When it comes to pipe leaks and damages, polybutylene pipes are much likelier to be targeted than other types of pipe for their resistance to extreme heat. A typical roof leak will only target asphalt or concrete pipes that are less prone to temperature damage from outdoor temperatures. Polybutylene piping, on the other hand, is typically exposed to high temperatures in industrial plants, storage facilities, and various other places deemed prone to extreme temperature changes. The result of exposure can result in a variety of pipe damages, each potentially costly in terms of repairs and replacement.

While industrial pipes are more common targets for lawsuits due to their increased vulnerability, homes built using polybutylene piping stand as an example of how easily these materials can become damaged. In cases where the materials were installed before the current Environmental Protection Agency (EPA) guidelines were in place, there is an especially high likelihood that the piping may have been subjected to older practices that were not declared as such at the time of installation. These practices included using older heating systems with older vented combustion designs, leaving unsealed joints, and leaving the pipes in direct weather exposure, such as during a strong thunderstorm. All of these practices increased the likelihood of leaks and pipe damage that would later be blamed on the EPA.

As a result of the Environmental Protection Agency’s increasing budgetary constraints, these older practices are no longer being permitted. If you were serviced with a water supply piping system in the late-70s, chances are that your local government or municipality was not keeping its water supply piping and other manufacturing units out of reach of older plastics. While the practice has been discontinued for most areas, there are still a number of municipalities that have continued to disregard federal rules for years. These municipal governments have an interest in protecting their water supply plumbing investments, so the possibility of a polybutylene pipe lawsuit makes them liable when damages are awarded to consumers who are harmed as a result of their municipal governments’ negligence in ignoring EPA regulations.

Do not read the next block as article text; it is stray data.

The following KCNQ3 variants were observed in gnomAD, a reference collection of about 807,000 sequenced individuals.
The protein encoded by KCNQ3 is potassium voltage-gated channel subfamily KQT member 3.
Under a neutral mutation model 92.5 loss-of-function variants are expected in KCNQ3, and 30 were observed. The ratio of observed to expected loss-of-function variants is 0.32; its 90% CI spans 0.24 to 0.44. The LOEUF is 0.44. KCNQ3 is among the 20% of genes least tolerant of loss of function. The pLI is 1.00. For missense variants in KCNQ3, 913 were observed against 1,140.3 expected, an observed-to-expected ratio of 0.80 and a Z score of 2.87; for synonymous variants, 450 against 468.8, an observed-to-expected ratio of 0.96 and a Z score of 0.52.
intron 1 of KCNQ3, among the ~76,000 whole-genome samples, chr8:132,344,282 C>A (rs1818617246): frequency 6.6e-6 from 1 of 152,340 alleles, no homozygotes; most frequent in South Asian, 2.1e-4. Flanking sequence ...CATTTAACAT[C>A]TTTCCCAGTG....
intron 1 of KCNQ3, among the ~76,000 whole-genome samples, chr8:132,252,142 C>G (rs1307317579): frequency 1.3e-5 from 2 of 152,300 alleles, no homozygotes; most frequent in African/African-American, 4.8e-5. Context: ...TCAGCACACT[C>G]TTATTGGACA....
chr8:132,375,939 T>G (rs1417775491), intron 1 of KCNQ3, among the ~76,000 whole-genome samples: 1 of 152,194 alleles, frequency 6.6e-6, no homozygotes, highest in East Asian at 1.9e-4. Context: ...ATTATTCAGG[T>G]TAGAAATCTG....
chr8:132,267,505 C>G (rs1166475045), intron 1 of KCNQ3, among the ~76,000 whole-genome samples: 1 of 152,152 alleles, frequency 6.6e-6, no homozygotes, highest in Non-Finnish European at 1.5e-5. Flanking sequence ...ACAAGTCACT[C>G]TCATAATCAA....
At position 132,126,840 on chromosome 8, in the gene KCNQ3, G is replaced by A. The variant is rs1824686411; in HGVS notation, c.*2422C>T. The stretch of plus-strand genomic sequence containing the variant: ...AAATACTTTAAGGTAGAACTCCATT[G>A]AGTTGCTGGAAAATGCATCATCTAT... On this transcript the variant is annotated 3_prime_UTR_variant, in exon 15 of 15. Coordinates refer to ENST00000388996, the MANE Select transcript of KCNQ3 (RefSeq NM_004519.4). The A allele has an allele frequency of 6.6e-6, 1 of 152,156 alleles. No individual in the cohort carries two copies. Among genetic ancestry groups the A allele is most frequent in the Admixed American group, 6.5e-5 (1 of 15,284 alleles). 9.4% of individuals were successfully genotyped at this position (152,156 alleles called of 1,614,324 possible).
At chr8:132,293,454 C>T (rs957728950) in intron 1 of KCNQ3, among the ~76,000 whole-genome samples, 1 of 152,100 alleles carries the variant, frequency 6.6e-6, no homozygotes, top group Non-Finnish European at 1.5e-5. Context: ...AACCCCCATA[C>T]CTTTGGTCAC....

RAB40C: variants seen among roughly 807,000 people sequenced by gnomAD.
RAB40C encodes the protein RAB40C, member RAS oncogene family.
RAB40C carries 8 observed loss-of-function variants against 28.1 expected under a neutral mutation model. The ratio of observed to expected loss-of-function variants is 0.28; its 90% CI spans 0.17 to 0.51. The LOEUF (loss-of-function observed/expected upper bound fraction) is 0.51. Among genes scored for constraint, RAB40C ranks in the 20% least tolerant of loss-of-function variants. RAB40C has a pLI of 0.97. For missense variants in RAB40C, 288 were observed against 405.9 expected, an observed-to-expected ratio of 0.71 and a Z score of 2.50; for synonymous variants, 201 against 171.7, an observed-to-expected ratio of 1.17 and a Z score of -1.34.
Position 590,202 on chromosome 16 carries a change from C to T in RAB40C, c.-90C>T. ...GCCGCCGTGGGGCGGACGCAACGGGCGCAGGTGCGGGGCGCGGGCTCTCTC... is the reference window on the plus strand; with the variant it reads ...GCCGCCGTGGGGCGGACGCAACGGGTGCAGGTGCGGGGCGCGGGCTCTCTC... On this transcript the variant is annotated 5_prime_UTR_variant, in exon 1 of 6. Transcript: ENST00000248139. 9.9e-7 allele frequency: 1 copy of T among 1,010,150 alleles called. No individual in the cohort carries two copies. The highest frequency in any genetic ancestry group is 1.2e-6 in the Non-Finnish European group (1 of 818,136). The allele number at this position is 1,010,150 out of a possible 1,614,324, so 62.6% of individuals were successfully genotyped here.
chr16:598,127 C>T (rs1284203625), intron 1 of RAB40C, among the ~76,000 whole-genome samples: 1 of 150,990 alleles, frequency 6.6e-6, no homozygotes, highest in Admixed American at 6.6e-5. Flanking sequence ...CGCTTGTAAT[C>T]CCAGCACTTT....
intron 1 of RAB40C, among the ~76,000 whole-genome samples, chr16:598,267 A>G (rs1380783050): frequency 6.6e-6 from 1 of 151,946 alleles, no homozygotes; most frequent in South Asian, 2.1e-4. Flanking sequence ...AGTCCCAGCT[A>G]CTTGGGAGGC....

A qualified home inspector with knowledge of the hazards of polybutylene will determine if your home has been exposed to these dangers. The inspector will perform a visual examination of both inside and outside of your home using various tools including an infrared camera, to assess the amount of plastic resin leaks inside of your home. In many cases, a water sample will also be taken to determine if there is any presence of polybutylene pipe inside of your home. Once the home inspection has concluded, the inspector will present you with a recommendation for a potential replacement or a repair project.

Another means of identifying polybutylene pipes or plumbers is to hire a contractor to perform a full excavation of your home. During this time, a full-scale investigation will take place in order to identify polybutylene pipes and fixtures inside of your home. If possible, a sample of the inside plastic pipe will be collected during the excavation. If the sampling reveals that there are in fact in any inlet lines connected to the polybutylene plumbing, it is in your best interest to have those removed in order to avoid a lawsuit.

Polybutylene pipes and fittings are available in a number of different colors such as black, red, blue, green, yellow, white, gray, and many more. Each of the different colors of polybutylene piping has a number or code number printed on them according to what country they were manufactured in. By referencing the numbers on the pipe, an unlicensed contractor can legally alter, refill, repair, or return the plumbing product to its original state. Some of the common names for the various color-coded polybutylene pipes are EPDM, EPDO, PEX, PTFE, PVC, polyvinyl chloride (PVC), and others. By knowing which name is for what material, it should be much easier to identify the type of plumbing product you have within your home.

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